Campagnolo 9/10/11 speed. No Steel Spline Insert required as Campagnolo design has deeper grooves

Bearings

High-grade by EZO Japan

Sealed cartridge replaceable units

Upgraded to low-friction seals to further reduce rolling resistance

Quick-Releases

Hunt Super-light Race Season design, only 33g front and 37g rear

7075-T6 heat-treated alloy lever, head and nut

Brass cam plate actuation

1000kgf tested high-strength cro-moly spindles

Corrosion resistant stainless steel springs

Black finish with laser graphics

Rate the wheel for quality of construction:
 
9/10
Rate the wheel for performance:
 
9/10
Rate the wheel for durability:
 
8/10
Rate the wheel for weight
 
8/10
Rate the wheel for value:
 
8/10

Did the wheels stay true? Any issues with spoke tension?

Both wheels were a tiny bit out of true when they arrived, but they remained the same throughout the test period and I never once winced when I hit a rough section of road.

How easy did you find it to fit tyres?

The tubeless tyres came already fitted as part of the package.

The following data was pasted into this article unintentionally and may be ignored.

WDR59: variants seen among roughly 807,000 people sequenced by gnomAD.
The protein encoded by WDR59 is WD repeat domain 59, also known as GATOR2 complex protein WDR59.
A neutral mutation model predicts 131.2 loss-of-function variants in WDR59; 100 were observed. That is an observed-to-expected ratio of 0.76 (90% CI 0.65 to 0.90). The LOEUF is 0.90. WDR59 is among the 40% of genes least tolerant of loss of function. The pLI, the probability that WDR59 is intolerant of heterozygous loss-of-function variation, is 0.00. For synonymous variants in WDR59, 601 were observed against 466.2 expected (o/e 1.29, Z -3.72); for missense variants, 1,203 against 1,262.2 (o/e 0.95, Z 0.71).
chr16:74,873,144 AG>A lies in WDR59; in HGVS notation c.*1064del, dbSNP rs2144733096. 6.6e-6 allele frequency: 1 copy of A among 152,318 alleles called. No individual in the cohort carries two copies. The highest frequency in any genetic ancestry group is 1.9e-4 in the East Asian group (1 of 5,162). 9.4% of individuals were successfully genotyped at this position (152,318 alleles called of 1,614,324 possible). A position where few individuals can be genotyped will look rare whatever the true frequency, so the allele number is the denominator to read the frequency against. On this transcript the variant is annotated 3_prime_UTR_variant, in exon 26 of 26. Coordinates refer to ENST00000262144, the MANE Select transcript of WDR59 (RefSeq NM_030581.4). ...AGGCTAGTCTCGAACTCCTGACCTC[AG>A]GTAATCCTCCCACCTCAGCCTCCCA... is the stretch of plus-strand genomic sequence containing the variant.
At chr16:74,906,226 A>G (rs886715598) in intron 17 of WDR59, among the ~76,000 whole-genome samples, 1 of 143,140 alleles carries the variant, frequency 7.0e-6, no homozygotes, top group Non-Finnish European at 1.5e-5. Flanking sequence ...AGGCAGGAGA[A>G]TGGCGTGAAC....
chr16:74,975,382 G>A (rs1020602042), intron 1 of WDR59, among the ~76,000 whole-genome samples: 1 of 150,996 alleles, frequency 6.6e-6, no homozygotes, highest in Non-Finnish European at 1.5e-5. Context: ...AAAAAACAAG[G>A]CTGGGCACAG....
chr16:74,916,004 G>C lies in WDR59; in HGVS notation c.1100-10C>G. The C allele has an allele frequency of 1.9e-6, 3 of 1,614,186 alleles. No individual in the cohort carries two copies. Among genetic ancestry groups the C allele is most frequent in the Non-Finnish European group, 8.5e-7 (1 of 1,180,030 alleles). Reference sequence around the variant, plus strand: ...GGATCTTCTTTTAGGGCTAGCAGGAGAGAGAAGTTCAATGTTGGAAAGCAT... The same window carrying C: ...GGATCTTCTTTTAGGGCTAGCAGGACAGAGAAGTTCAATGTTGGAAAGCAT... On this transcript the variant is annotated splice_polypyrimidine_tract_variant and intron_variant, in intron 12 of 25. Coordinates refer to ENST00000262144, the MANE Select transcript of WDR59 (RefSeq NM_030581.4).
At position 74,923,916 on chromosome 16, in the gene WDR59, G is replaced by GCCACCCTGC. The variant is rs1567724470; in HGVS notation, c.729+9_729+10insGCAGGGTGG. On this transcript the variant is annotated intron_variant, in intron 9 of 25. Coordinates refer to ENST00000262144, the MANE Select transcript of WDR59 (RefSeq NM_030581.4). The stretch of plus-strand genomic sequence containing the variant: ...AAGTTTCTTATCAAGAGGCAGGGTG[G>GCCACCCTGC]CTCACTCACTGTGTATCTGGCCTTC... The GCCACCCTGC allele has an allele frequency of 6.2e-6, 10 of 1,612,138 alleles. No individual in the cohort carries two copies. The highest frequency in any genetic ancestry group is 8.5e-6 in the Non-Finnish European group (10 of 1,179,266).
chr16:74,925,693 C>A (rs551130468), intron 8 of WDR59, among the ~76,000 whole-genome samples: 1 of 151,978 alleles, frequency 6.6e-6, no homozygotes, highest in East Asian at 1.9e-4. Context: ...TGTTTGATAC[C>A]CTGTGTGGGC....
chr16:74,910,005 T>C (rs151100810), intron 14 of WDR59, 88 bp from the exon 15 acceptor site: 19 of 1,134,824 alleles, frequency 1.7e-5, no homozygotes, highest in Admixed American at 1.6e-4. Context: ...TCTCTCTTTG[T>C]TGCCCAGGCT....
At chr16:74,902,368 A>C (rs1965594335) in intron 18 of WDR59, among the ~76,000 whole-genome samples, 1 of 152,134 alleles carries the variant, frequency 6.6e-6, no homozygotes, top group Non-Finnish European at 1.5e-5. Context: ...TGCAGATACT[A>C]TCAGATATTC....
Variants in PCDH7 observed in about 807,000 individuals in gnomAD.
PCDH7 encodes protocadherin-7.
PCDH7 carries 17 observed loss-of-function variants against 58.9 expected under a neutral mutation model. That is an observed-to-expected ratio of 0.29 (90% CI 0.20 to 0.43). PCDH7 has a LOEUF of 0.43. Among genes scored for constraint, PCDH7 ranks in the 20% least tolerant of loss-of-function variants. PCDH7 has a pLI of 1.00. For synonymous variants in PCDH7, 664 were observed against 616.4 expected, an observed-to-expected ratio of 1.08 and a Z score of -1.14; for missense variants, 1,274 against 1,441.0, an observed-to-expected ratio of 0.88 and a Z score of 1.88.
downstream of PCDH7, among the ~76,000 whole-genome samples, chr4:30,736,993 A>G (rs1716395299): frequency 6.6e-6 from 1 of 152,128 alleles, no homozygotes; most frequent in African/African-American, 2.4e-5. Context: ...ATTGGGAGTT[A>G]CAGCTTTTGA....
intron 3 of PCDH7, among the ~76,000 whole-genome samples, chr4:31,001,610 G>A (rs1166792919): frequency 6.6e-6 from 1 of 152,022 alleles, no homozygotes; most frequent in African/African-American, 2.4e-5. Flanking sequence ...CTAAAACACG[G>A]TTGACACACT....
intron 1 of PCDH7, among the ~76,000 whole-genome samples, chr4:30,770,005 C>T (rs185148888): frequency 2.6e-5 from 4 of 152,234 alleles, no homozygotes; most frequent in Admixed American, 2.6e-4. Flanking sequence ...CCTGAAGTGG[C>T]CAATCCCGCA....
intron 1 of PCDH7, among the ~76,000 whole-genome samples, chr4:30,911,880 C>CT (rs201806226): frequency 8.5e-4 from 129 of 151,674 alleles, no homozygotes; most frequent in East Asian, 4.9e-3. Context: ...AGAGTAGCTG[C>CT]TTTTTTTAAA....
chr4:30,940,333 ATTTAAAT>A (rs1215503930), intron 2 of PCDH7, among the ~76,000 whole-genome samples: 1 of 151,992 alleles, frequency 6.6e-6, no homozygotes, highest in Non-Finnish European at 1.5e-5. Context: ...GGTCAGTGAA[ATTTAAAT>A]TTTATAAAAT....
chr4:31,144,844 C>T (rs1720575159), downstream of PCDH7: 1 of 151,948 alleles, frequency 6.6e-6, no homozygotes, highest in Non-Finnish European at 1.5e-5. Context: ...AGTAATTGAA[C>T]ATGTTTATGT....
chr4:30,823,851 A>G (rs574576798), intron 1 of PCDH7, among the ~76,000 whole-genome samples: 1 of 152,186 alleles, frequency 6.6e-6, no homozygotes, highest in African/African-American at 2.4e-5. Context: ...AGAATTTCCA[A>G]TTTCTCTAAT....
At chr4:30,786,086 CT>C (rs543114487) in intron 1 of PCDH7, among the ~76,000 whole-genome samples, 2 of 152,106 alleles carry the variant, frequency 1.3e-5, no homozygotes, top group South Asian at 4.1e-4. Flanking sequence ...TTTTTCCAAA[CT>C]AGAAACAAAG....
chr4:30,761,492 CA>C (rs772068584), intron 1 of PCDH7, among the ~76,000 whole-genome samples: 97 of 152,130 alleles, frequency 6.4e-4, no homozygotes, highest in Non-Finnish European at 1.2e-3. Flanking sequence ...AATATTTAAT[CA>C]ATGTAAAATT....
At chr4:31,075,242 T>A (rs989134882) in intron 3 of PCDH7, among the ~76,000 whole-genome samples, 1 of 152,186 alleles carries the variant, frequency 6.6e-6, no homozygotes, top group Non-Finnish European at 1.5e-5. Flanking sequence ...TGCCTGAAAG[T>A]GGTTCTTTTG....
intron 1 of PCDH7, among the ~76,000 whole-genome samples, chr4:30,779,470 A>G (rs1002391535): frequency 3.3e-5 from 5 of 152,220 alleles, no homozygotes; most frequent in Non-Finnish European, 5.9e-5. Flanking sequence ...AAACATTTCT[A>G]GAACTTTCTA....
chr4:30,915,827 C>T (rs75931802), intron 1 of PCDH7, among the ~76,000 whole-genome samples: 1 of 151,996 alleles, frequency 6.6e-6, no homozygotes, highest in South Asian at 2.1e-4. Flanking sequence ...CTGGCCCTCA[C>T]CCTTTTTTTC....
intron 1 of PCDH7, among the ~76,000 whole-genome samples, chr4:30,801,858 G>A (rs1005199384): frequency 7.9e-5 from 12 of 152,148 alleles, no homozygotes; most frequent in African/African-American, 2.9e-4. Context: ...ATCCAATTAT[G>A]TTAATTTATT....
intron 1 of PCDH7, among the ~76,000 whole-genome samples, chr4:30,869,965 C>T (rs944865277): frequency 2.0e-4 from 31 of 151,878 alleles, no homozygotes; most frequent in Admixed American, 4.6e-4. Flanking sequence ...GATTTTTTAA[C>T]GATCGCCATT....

How did the wheel extras (eg skewers and rim tape) perform?

The quick releases held the wheels firm with a solid grip, plus you get spare spokes, spoke key and stickers (everyone loves stickers!) in the pack.

Tell us how the wheel performed overall when used for its designed purpose

A real all-rounder set of wheels with nothing in the way of compromise.

Tell us what you particularly liked about the wheel

Solid construction at a great price.

Tell us what you particularly disliked about the wheel

That is one noisy freewheel.

Did you enjoy using the wheel? Yes

Would you consider buying the wheel? Definitely

Would you recommend the wheel to a friend? Absolutely

Use this box to explain your overall score

The Hunt Carbon Wide wheels are very well made from an excellent selection of components and each of those details has paid off. It's the attention to detail that reflects in the overall performance, and all of this comes at a very competitive price.